Not surprisingly, the Daily Telegraph did not do Labour any favours with its landmark, if paid-for, scoop. “Brown paid his brother more than £6,000 for ‘cleaning services’”, said the first of many Telegraph splashes. Three days later, an inside page declared that “Cameron is Mr Clean”, saying the Tory leader “has some of the most straightforward claims of any member of the shadow cabinet”. If Brown had spent £680 of taxpayers’ money clearing his wisteria, I doubt that the news would have been buried on page eight. (Cameron is paying back this money. No one has suggested Brown do the same for his flat-cleaning.) All the same, the Telegraph’s decision to publish has been totally vindicated. If we had waited for parliament to issue the censored version of the expenses claims in July, many of the abuses, notably the way MPs switched their designated first and second homes, would have been edited out; many of the mistakes and over-claiming would never have become public.
Announcing plans to end the system under which members regulate themselves on 19 May, Brown hinted at wider constitutional reform. It might involve giving the public a voice in the changes parliament needs, perhaps through a constitutional convention. There is no need to start with a blank sheet of paper: in 2006, the independent Power inquiry, chaired by the Labour peer Helena Kennedy, produced an excellent diagnosis of our ailing democracy and plenty of remedies, including an end to the first-past-the-post voting system; a 70 per cent elected second chamber; genuine decentralisation of power from central to local government; a right for citizens to initiate legislation; and allowing the public to make a £3-a-year donation to one party by ticking a box when they vote. Sadly, everyone seems to have forgotten about the Power inquiry, but it is highly relevant to the current crisis.
At the time, Brown welcomed its report, as he flirted with the reformers before taking over from Tony Blair. Although there was grand talk of a new constitutional settlement, Brown’s bottom drawer looked rather empty when he finally opened it in July 2007. The rhetoric was still there; his route map included a bill of rights, and he even hinted at a written constitution. But progress has been slow. The Bill of Rights was delayed by cabinet infighting and overtaken by departmental initiatives such as a constitution for the National Health Service. Lords reform was shelved, wholesale reform of party funding deadlocked. When the economic storm clouds gathered last year, Brown was advised not to waste time on constitutional change or a “Britishness” crusade that would make him look remote.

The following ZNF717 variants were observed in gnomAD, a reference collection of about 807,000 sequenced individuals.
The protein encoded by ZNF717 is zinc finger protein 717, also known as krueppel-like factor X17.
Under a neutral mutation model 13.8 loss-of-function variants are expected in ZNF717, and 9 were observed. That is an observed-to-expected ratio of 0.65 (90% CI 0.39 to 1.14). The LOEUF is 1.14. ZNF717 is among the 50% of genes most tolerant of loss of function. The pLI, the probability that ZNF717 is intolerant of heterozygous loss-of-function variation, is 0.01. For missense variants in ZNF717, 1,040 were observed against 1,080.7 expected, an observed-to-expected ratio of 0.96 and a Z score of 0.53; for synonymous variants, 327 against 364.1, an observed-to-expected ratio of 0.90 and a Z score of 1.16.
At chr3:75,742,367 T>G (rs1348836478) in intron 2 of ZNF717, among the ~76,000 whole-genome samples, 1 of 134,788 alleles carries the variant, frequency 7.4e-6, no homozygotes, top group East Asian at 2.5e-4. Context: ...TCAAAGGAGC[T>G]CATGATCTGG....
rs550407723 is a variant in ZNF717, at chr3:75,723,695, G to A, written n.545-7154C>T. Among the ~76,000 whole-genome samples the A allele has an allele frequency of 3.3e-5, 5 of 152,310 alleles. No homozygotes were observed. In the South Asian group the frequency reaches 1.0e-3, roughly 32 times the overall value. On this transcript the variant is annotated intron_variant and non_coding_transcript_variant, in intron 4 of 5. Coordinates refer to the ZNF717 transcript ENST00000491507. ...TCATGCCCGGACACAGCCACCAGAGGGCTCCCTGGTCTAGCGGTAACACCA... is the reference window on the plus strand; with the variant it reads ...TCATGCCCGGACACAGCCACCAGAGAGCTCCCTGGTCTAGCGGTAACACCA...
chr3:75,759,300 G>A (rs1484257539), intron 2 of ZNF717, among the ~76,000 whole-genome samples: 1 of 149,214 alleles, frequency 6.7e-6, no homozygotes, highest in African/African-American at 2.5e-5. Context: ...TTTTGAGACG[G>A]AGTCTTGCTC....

Reformers disillusioned at Brown’s stalling suddenly have an unexpected spring in their step. They will argue that it is better late than never. They sense one last chance to revive the new politics that Blair and Paddy Ashdown intended to pursue in 1997, but that was largely buried under the Labour landslide.
Clearly a real solution to the crisis in mainstream politics needs to go much wider than the Speaker’s departure, a tighter expenses regime for MPs, scrapping a few Commons committees and a few backbench scalps. It will take much more than this to remove the stains from a tarnished parliament and win back public trust.
The danger for Brown is that producing constitutional rabbits out of a hat might look like the last gasps of a drowning man. Any hint of voting reform would be portrayed by the hostile media as an attempt to line up Liberal Democrat support in the event of a hung parliament.
Brown allies say he was signalling an open mind about change and a desire for public involvement, not an announcement about proportional representation, which opponents claim would weaken the link between MPs and their constituents. Aides insist Brown’s focus is on the cause of the crisis – the Westminster club – and will switch to the economy, health, education and crime when its rules have been rewritten and the members who have brought it into disrepute are kicked out.
I suspect the constitutional reformers will be disappointed, again. After 12 years in power, and with time running out, it may be too late for Labour to complete such a major piece of unfinished business.
Andrew Grice is political editor of the Independent